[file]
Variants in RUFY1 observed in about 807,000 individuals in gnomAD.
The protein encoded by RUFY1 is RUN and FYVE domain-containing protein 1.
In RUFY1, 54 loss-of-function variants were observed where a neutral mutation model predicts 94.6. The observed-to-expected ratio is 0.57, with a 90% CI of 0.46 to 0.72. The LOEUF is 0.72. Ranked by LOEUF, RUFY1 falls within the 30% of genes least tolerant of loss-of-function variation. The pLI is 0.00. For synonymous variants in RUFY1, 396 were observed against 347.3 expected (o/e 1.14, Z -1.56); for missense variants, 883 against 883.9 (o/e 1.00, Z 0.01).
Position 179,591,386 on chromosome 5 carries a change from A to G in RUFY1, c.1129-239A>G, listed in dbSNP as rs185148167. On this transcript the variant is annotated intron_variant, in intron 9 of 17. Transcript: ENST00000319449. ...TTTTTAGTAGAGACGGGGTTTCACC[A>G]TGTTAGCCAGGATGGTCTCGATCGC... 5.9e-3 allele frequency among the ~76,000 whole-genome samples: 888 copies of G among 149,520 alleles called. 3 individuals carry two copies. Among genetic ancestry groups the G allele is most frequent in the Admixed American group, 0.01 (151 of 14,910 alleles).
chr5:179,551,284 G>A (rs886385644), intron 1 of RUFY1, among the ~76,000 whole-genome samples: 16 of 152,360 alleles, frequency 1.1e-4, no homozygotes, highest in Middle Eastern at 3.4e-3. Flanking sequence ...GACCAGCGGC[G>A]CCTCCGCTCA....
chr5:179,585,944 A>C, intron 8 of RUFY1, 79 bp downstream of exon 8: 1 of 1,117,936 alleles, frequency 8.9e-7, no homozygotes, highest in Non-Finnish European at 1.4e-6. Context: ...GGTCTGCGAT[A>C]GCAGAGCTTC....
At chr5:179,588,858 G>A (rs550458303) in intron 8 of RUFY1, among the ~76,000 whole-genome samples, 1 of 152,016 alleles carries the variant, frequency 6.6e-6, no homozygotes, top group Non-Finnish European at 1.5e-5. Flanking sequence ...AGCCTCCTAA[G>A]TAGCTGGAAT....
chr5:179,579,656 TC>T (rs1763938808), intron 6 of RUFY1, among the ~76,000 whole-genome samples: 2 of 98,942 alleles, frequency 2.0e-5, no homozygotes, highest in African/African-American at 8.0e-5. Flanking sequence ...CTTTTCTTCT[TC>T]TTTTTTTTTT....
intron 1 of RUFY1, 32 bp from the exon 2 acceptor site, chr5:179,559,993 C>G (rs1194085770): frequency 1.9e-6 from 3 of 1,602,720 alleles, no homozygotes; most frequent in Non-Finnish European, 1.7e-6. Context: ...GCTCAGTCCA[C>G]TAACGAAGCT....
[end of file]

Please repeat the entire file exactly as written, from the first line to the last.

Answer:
Variants in RUFY1 observed in about 807,000 individuals in gnomAD.
The protein encoded by RUFY1 is RUN and FYVE domain-containing protein 1.
In RUFY1, 54 loss-of-function variants were observed where a neutral mutation model predicts 94.6. The observed-to-expected ratio is 0.57, with a 90% CI of 0.46 to 0.72. The LOEUF is 0.72. Ranked by LOEUF, RUFY1 falls within the 30% of genes least tolerant of loss-of-function variation. The pLI is 0.00. For synonymous variants in RUFY1, 396 were observed against 347.3 expected (o/e 1.14, Z -1.56); for missense variants, 883 against 883.9 (o/e 1.00, Z 0.01).
Position 179,591,386 on chromosome 5 carries a change from A to G in RUFY1, c.1129-239A>G, listed in dbSNP as rs185148167. On this transcript the variant is annotated intron_variant, in intron 9 of 17. Transcript: ENST00000319449. ...TTTTTAGTAGAGACGGGGTTTCACC[A>G]TGTTAGCCAGGATGGTCTCGATCGC... 5.9e-3 allele frequency among the ~76,000 whole-genome samples: 888 copies of G among 149,520 alleles called. 3 individuals carry two copies. Among genetic ancestry groups the G allele is most frequent in the Admixed American group, 0.01 (151 of 14,910 alleles).
chr5:179,551,284 G>A (rs886385644), intron 1 of RUFY1, among the ~76,000 whole-genome samples: 16 of 152,360 alleles, frequency 1.1e-4, no homozygotes, highest in Middle Eastern at 3.4e-3. Flanking sequence ...GACCAGCGGC[G>A]CCTCCGCTCA....
chr5:179,585,944 A>C, intron 8 of RUFY1, 79 bp downstream of exon 8: 1 of 1,117,936 alleles, frequency 8.9e-7, no homozygotes, highest in Non-Finnish European at 1.4e-6. Context: ...GGTCTGCGAT[A>C]GCAGAGCTTC....
At chr5:179,588,858 G>A (rs550458303) in intron 8 of RUFY1, among the ~76,000 whole-genome samples, 1 of 152,016 alleles carries the variant, frequency 6.6e-6, no homozygotes, top group Non-Finnish European at 1.5e-5. Flanking sequence ...AGCCTCCTAA[G>A]TAGCTGGAAT....
chr5:179,579,656 TC>T (rs1763938808), intron 6 of RUFY1, among the ~76,000 whole-genome samples: 2 of 98,942 alleles, frequency 2.0e-5, no homozygotes, highest in African/African-American at 8.0e-5. Flanking sequence ...CTTTTCTTCT[TC>T]TTTTTTTTTT....
intron 1 of RUFY1, 32 bp from the exon 2 acceptor site, chr5:179,559,993 C>G (rs1194085770): frequency 1.9e-6 from 3 of 1,602,720 alleles, no homozygotes; most frequent in Non-Finnish European, 1.7e-6. Context: ...GCTCAGTCCA[C>G]TAACGAAGCT....